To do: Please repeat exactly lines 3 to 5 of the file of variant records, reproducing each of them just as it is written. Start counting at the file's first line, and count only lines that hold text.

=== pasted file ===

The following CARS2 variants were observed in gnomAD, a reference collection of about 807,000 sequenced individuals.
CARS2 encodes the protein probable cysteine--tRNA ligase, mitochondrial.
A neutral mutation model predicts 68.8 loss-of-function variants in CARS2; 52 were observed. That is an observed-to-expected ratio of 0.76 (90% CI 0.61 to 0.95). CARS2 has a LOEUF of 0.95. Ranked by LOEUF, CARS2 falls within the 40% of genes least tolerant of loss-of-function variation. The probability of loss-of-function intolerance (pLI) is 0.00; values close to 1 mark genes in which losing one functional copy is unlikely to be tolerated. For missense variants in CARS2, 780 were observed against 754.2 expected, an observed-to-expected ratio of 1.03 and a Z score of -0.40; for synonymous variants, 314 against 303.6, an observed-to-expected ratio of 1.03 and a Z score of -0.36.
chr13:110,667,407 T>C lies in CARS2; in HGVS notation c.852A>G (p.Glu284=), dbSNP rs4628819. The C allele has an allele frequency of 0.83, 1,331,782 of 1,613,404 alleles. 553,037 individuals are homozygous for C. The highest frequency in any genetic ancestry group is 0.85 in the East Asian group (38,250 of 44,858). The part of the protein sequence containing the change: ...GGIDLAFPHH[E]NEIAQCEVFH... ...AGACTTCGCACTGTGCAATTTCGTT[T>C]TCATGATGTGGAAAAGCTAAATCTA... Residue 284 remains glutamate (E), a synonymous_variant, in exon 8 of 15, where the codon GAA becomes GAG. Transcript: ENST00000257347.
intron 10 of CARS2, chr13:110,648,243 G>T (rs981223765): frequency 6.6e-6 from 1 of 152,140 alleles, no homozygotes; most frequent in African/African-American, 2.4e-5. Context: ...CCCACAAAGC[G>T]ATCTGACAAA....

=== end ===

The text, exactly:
A neutral mutation model predicts 68.8 loss-of-function variants in CARS2; 52 were observed. That is an observed-to-expected ratio of 0.76 (90% CI 0.61 to 0.95). CARS2 has a LOEUF of 0.95. Ranked by LOEUF, CARS2 falls within the 40% of genes least tolerant of loss-of-function variation. The probability of loss-of-function intolerance (pLI) is 0.00; values close to 1 mark genes in which losing one functional copy is unlikely to be tolerated. For missense variants in CARS2, 780 were observed against 754.2 expected, an observed-to-expected ratio of 1.03 and a Z score of -0.40; for synonymous variants, 314 against 303.6, an observed-to-expected ratio of 1.03 and a Z score of -0.36.
chr13:110,667,407 T>C lies in CARS2; in HGVS notation c.852A>G (p.Glu284=), dbSNP rs4628819. The C allele has an allele frequency of 0.83, 1,331,782 of 1,613,404 alleles. 553,037 individuals are homozygous for C. The highest frequency in any genetic ancestry group is 0.85 in the East Asian group (38,250 of 44,858). The part of the protein sequence containing the change: ...GGIDLAFPHH[E]NEIAQCEVFH... ...AGACTTCGCACTGTGCAATTTCGTT[T>C]TCATGATGTGGAAAAGCTAAATCTA... Residue 284 remains glutamate (E), a synonymous_variant, in exon 8 of 15, where the codon GAA becomes GAG. Transcript: ENST00000257347.
intron 10 of CARS2, chr13:110,648,243 G>T (rs981223765): frequency 6.6e-6 from 1 of 152,140 alleles, no homozygotes; most frequent in African/African-American, 2.4e-5. Context: ...CCCACAAAGC[G>T]ATCTGACAAA....